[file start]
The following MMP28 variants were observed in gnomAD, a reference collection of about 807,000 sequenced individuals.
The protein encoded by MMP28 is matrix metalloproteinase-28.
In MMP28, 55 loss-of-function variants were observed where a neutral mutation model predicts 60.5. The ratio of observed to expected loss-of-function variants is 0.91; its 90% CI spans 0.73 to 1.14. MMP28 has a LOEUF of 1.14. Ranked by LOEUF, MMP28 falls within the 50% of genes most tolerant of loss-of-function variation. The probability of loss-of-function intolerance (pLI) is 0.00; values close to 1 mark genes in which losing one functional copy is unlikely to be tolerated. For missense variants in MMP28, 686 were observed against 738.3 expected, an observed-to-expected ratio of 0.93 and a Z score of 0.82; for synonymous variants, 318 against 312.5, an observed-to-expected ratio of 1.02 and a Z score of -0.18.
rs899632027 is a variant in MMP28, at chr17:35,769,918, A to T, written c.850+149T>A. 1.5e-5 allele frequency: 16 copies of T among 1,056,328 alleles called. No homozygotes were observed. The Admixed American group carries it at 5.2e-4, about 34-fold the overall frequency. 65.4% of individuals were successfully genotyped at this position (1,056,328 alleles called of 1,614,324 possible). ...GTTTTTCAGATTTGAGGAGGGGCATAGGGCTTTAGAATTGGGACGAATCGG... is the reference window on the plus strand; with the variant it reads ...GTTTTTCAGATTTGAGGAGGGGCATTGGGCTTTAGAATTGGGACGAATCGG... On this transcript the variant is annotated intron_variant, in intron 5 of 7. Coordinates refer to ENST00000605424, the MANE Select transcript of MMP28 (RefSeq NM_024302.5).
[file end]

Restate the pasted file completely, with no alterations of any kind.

The following MMP28 variants were observed in gnomAD, a reference collection of about 807,000 sequenced individuals.
The protein encoded by MMP28 is matrix metalloproteinase-28.
In MMP28, 55 loss-of-function variants were observed where a neutral mutation model predicts 60.5. The ratio of observed to expected loss-of-function variants is 0.91; its 90% CI spans 0.73 to 1.14. MMP28 has a LOEUF of 1.14. Ranked by LOEUF, MMP28 falls within the 50% of genes most tolerant of loss-of-function variation. The probability of loss-of-function intolerance (pLI) is 0.00; values close to 1 mark genes in which losing one functional copy is unlikely to be tolerated. For missense variants in MMP28, 686 were observed against 738.3 expected, an observed-to-expected ratio of 0.93 and a Z score of 0.82; for synonymous variants, 318 against 312.5, an observed-to-expected ratio of 1.02 and a Z score of -0.18.
rs899632027 is a variant in MMP28, at chr17:35,769,918, A to T, written c.850+149T>A. 1.5e-5 allele frequency: 16 copies of T among 1,056,328 alleles called. No homozygotes were observed. The Admixed American group carries it at 5.2e-4, about 34-fold the overall frequency. 65.4% of individuals were successfully genotyped at this position (1,056,328 alleles called of 1,614,324 possible). ...GTTTTTCAGATTTGAGGAGGGGCATAGGGCTTTAGAATTGGGACGAATCGG... is the reference window on the plus strand; with the variant it reads ...GTTTTTCAGATTTGAGGAGGGGCATTGGGCTTTAGAATTGGGACGAATCGG... On this transcript the variant is annotated intron_variant, in intron 5 of 7. Coordinates refer to ENST00000605424, the MANE Select transcript of MMP28 (RefSeq NM_024302.5).